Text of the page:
And after working in both film and theatre, he believes that messages that cannot be delivered in one media can be done in the other. “The money and the glamour quotient of films cannot be ignored altogether,” he says with a mischievous smile.

On top of all this there’s television. He has been on the small screen lately hosting an election programme, Bangla Bolche which offered a platform to representatives of various political parties to fight it out in front of a live audience. The programme was interspersed with video clips of people from all walks of life who are allowed to voice their views.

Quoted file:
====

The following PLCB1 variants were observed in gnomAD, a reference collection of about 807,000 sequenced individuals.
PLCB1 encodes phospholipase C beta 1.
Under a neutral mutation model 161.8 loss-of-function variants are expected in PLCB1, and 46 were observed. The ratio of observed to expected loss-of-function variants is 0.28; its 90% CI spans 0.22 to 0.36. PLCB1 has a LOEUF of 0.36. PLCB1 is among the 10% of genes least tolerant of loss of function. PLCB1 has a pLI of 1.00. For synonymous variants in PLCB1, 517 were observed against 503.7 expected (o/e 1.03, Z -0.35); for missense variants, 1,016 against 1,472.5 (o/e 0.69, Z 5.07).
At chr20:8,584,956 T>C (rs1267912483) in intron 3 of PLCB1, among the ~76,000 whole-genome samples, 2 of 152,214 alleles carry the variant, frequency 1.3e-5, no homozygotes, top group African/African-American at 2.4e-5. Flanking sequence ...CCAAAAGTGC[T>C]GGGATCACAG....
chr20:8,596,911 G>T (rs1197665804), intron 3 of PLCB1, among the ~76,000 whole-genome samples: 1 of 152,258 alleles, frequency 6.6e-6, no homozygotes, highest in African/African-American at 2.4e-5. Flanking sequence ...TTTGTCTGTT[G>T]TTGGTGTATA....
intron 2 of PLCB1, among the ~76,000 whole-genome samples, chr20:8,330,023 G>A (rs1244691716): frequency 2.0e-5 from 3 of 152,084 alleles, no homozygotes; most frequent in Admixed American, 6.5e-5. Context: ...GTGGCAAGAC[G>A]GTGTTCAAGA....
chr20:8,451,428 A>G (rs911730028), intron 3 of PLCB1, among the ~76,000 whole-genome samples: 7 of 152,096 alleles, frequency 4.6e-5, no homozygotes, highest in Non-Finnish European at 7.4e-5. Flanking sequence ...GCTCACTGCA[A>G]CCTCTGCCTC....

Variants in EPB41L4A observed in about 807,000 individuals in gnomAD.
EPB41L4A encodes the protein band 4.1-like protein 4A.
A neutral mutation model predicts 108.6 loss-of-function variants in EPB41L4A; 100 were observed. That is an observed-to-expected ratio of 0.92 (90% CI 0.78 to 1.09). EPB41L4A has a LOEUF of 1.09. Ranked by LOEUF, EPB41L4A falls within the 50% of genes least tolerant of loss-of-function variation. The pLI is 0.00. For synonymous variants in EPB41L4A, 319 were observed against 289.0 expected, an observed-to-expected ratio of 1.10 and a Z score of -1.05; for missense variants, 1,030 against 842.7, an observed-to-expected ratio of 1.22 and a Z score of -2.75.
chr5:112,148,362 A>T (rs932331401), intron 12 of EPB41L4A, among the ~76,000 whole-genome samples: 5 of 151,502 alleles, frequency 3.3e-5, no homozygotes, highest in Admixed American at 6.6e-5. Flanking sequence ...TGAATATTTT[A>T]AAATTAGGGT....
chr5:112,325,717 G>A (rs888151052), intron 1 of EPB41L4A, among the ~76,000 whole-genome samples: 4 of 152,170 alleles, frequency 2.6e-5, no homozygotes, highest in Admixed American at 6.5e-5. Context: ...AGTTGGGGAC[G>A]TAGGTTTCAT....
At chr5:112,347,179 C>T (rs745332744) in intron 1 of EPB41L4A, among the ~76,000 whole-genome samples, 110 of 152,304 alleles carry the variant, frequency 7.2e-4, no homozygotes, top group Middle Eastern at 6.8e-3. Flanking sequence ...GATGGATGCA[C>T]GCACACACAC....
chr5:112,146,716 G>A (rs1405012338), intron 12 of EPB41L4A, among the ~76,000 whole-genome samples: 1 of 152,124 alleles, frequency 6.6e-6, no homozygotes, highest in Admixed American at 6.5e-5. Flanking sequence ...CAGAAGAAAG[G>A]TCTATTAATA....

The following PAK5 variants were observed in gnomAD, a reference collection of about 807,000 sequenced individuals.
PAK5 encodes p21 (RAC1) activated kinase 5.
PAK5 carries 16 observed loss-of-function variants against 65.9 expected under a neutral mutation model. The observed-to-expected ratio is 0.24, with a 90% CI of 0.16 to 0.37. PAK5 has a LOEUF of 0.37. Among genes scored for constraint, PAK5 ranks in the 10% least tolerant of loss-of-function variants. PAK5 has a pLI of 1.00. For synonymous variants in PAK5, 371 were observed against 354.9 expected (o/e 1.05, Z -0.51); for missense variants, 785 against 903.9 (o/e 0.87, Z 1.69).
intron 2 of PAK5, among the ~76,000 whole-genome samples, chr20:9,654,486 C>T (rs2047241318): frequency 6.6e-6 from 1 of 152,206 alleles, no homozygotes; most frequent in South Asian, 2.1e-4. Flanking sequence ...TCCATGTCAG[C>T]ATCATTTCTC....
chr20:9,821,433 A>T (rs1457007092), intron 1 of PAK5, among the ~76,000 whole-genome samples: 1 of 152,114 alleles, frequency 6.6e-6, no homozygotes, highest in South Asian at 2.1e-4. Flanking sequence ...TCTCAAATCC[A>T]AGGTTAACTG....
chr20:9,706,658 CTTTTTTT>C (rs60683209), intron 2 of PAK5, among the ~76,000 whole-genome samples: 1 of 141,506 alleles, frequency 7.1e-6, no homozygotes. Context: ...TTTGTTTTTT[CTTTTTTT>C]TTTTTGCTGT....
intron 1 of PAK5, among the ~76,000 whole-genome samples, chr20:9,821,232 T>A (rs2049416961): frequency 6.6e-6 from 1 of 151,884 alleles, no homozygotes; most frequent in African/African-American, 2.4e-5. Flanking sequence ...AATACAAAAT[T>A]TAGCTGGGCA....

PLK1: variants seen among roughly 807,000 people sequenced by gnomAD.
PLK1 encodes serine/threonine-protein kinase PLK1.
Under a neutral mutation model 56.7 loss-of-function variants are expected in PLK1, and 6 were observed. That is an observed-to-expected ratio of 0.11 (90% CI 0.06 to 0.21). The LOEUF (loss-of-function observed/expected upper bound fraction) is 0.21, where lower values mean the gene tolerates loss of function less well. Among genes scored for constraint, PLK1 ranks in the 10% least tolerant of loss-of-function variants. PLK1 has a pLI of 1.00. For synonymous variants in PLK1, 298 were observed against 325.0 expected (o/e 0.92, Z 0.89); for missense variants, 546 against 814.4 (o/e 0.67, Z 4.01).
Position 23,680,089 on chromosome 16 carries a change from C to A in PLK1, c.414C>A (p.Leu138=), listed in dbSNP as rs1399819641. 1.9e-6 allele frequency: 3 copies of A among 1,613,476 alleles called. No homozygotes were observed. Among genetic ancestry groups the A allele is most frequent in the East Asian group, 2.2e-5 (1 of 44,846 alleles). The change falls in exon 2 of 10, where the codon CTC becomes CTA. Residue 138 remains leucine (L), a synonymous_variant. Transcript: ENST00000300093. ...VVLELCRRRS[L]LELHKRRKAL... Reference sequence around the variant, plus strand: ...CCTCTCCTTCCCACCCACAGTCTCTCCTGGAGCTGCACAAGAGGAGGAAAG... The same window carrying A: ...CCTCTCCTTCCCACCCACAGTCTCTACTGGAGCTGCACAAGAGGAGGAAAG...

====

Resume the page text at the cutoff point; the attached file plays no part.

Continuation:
Basu is happy that he was provided the opportunity to look beyond the collective choices of the electorate. “I had to travel to all the districts of West Bengal and interact with people who look at things differently. The surprise element of these conversations kept me going.”

Nevertheless, he’s probably a playwright first and foremost (even though he does also teach in a college). It’s only when he is wielding the pen that he feels completely in charge. “This is the best form of creative outlet that I have and my body of work is a direct translation of my state of mind at that point of time.” His literary endeavours also include book reviews for periodicals.

He doesn’t get much spare time. But for now, Basu, the TV-to-movies-to-stage man is not complaining.

Photograph by Aranya Sen